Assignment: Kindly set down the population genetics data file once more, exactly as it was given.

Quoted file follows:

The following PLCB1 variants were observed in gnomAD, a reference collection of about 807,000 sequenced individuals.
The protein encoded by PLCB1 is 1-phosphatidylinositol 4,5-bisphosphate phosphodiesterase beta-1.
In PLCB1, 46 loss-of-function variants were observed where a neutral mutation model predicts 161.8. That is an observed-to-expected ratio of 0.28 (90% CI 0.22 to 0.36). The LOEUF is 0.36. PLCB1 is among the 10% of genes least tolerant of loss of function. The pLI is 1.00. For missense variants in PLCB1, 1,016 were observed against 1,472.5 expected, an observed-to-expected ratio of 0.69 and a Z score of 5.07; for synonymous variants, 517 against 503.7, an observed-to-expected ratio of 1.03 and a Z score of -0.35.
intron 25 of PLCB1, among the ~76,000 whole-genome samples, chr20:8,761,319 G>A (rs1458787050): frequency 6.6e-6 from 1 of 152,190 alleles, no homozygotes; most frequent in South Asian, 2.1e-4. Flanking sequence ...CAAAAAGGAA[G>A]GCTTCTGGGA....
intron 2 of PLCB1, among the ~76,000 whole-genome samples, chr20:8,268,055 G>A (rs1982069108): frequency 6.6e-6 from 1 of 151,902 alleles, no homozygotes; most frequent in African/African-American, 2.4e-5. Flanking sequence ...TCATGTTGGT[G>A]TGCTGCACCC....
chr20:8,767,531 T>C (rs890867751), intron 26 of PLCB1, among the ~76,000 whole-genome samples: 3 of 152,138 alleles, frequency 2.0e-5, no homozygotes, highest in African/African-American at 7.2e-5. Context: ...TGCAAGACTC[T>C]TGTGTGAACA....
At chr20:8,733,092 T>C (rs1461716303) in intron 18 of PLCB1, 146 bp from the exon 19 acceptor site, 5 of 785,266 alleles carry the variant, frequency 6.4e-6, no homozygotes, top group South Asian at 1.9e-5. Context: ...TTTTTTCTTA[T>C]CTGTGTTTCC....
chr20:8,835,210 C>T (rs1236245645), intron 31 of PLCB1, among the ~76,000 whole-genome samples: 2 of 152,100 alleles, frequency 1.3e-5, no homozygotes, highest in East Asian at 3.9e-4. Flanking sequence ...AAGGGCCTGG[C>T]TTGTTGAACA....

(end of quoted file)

The following PLCB1 variants were observed in gnomAD, a reference collection of about 807,000 sequenced individuals.
The protein encoded by PLCB1 is 1-phosphatidylinositol 4,5-bisphosphate phosphodiesterase beta-1.
In PLCB1, 46 loss-of-function variants were observed where a neutral mutation model predicts 161.8. That is an observed-to-expected ratio of 0.28 (90% CI 0.22 to 0.36). The LOEUF is 0.36. PLCB1 is among the 10% of genes least tolerant of loss of function. The pLI is 1.00. For missense variants in PLCB1, 1,016 were observed against 1,472.5 expected, an observed-to-expected ratio of 0.69 and a Z score of 5.07; for synonymous variants, 517 against 503.7, an observed-to-expected ratio of 1.03 and a Z score of -0.35.
intron 25 of PLCB1, among the ~76,000 whole-genome samples, chr20:8,761,319 G>A (rs1458787050): frequency 6.6e-6 from 1 of 152,190 alleles, no homozygotes; most frequent in South Asian, 2.1e-4. Flanking sequence ...CAAAAAGGAA[G>A]GCTTCTGGGA....
intron 2 of PLCB1, among the ~76,000 whole-genome samples, chr20:8,268,055 G>A (rs1982069108): frequency 6.6e-6 from 1 of 151,902 alleles, no homozygotes; most frequent in African/African-American, 2.4e-5. Flanking sequence ...TCATGTTGGT[G>A]TGCTGCACCC....
chr20:8,767,531 T>C (rs890867751), intron 26 of PLCB1, among the ~76,000 whole-genome samples: 3 of 152,138 alleles, frequency 2.0e-5, no homozygotes, highest in African/African-American at 7.2e-5. Context: ...TGCAAGACTC[T>C]TGTGTGAACA....
At chr20:8,733,092 T>C (rs1461716303) in intron 18 of PLCB1, 146 bp from the exon 19 acceptor site, 5 of 785,266 alleles carry the variant, frequency 6.4e-6, no homozygotes, top group South Asian at 1.9e-5. Context: ...TTTTTTCTTA[T>C]CTGTGTTTCC....
chr20:8,835,210 C>T (rs1236245645), intron 31 of PLCB1, among the ~76,000 whole-genome samples: 2 of 152,100 alleles, frequency 1.3e-5, no homozygotes, highest in East Asian at 3.9e-4. Flanking sequence ...AAGGGCCTGG[C>T]TTGTTGAACA....